On June 4,  Corporate Knights magazine  published “Building Back Better: A roadmap to the Canada we want ” , which consolidates the already-published articles and roundtable discussions from its Green Recovery series.   The resulting “roadmap” , written by consultants Ralph Torrie and Céline Bak, with Toby Heaps, argues that “ By 2030, Canada could create more than five million quality job-years of employment by greening the power grid, electrifying transport and upgrading our homes and workplaces to be more comfortable and flood resilient.” In estimating the cost, that job-creation number goes even higher: “the federal investment in the programs we have proposed would total $106 billion, crowding in an additional $730 billion in private and other sector investment, creating 6.7 million years of employment – more than twice the jobs that have been lost due to COVID-19”, and continues: “These investments would reduce greenhouse gas emissions by an estimated 237 million tonnes from 2018 levels. That would meet our Paris Climate Agreement commitments and put us on a path to a carbon-free economy within a generation.”   In a postscript, the authors state: “The best chance we have for the green economy to prevail is by marrying the green economy movement with social justice movements, which on a practical level means Building Back Better with vastly enhanced supports for eldercare, childcare and living wages, and as we’ve noted repeatedly throughout the series, by supporting thriving Indigenous communities.”

Green recovery studies: United States

The Sierra Club in the U.S. released a new report in June, Millions of Green Jobs:  A Plan for Economic Revival . It lays out estimates and a policy options for  the “multiple, mutually reinforcing crises” of Covid-19 , economic inequality, and global heating, and importantly, states that “All investments in this economic renewal plan must uphold the following environmental, labor, and equity standards”  – which include Buy America and domestic procurement policies to stimulate manufacturing.   Also included:  “All construction and related contracts should require community benefit agreements; a mandatory “ban the box” policy to ensure fair employment opportunities for all; hiring preferences for low-income workers, people of color, people with disabilities, and returning citizens; and contracting preferences for businesses led by women and people of color.”  Using job creation estimates produced by Robert Pollin, the report argues for “family-sustaining jobs for over 9 million people every year for the next 10 years while building an economy that fosters cleaner air and water, higher wages, healthier communities, greater equity, and a more stable climate. That includes supporting over 1 million manufacturing jobs each year.”  The report offers a  sectoral breakdown of the 9 million jobs per year, in  infrastructure for clean water, clean transportation, and clean energy; renewable energy;  energy efficiency; and  regenerative agriculture.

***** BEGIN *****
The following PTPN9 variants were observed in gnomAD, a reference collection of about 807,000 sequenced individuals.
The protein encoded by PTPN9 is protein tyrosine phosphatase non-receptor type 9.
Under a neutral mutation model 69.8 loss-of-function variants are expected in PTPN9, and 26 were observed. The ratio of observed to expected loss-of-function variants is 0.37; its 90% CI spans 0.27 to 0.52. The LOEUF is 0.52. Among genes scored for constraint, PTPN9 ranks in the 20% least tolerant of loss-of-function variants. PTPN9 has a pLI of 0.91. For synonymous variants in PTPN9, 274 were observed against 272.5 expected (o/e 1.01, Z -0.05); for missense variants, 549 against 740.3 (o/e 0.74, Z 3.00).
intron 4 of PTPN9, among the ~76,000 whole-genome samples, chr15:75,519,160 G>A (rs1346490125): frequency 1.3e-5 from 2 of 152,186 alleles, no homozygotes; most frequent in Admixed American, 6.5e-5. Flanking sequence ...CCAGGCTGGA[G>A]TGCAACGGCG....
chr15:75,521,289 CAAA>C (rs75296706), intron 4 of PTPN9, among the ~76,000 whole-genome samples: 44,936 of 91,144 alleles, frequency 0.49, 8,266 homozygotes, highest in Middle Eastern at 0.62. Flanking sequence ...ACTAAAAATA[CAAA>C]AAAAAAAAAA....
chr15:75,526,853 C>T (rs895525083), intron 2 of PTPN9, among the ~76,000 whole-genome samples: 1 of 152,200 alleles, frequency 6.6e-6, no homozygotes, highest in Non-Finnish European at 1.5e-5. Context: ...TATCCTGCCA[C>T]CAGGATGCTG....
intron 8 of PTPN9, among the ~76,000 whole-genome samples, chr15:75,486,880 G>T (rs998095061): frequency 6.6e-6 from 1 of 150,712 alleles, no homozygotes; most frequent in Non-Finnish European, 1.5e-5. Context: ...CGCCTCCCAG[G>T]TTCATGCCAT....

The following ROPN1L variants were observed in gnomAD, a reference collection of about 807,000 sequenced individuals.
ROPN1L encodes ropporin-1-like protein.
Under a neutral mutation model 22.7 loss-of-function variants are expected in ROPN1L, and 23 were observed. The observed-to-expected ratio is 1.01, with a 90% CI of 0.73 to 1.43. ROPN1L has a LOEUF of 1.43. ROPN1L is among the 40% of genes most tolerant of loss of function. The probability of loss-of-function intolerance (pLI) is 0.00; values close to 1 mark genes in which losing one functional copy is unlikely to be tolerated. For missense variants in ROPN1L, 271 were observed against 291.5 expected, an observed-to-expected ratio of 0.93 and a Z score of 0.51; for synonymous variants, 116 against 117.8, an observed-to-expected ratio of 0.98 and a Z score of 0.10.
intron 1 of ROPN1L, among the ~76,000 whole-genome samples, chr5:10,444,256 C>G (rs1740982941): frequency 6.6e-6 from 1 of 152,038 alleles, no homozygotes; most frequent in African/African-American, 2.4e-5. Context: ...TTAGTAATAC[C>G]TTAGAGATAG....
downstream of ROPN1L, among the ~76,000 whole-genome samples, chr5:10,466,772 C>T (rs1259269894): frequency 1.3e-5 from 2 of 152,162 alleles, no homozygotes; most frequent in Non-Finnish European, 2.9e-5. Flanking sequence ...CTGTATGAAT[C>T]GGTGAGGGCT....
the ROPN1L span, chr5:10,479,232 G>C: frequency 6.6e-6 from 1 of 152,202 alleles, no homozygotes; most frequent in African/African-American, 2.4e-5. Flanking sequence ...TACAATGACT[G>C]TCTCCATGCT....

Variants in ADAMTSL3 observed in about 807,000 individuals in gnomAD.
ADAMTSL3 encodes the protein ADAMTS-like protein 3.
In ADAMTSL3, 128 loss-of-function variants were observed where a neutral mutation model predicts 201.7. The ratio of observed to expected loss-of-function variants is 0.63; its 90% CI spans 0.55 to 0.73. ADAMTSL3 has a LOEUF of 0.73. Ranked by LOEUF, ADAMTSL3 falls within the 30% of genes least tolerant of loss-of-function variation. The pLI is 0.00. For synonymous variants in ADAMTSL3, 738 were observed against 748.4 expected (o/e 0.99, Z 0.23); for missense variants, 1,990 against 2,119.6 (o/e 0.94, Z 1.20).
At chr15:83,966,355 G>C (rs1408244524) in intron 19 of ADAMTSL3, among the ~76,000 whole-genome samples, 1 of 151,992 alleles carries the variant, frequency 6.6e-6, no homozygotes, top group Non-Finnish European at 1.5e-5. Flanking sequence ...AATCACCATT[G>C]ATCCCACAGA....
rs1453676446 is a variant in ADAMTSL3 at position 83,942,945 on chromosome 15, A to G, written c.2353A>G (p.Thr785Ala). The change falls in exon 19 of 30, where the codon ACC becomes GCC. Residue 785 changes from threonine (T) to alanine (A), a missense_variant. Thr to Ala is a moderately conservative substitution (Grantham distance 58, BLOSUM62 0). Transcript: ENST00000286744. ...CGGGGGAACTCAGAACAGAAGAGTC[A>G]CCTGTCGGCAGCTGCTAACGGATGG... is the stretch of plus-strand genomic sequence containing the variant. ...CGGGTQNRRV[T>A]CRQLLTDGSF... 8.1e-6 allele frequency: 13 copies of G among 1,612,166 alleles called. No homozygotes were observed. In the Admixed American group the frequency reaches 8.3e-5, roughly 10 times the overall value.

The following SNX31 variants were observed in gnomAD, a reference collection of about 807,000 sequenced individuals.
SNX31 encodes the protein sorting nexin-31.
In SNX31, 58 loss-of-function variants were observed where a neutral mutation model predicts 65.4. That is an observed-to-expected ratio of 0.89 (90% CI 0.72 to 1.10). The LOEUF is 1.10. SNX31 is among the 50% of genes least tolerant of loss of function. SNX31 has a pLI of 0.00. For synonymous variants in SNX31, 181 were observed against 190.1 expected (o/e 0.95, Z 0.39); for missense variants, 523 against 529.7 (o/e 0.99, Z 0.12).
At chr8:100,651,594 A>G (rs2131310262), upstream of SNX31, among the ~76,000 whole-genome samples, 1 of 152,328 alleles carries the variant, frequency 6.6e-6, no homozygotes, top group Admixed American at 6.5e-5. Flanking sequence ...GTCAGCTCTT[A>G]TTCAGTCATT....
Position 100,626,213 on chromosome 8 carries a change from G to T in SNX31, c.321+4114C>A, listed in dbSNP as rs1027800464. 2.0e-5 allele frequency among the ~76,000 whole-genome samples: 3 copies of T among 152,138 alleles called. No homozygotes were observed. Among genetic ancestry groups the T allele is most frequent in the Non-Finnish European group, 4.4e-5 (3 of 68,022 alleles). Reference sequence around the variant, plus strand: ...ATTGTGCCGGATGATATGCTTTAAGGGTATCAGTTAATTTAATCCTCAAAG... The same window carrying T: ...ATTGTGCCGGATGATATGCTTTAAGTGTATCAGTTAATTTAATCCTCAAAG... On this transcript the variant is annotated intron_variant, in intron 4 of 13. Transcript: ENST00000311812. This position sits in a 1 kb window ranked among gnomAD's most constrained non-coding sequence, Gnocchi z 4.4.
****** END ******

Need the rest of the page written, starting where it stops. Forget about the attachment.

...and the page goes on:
Millions of Green Jobs:  A Plan for Economic Revival is based on a technical report released in May 2020: Job Creation Estimates Through Proposed Economic Stimulus Measures:  Modeling Proposals by Various U.S. Civil Society Groups; Macro-Level and Detailed Program-by-Program Job Creation Estimates  , written by Robert Pollin and Shouvik Chakraborty at the Political Economy Research Institute (PERI) of the University of Massachusetts at Amherst.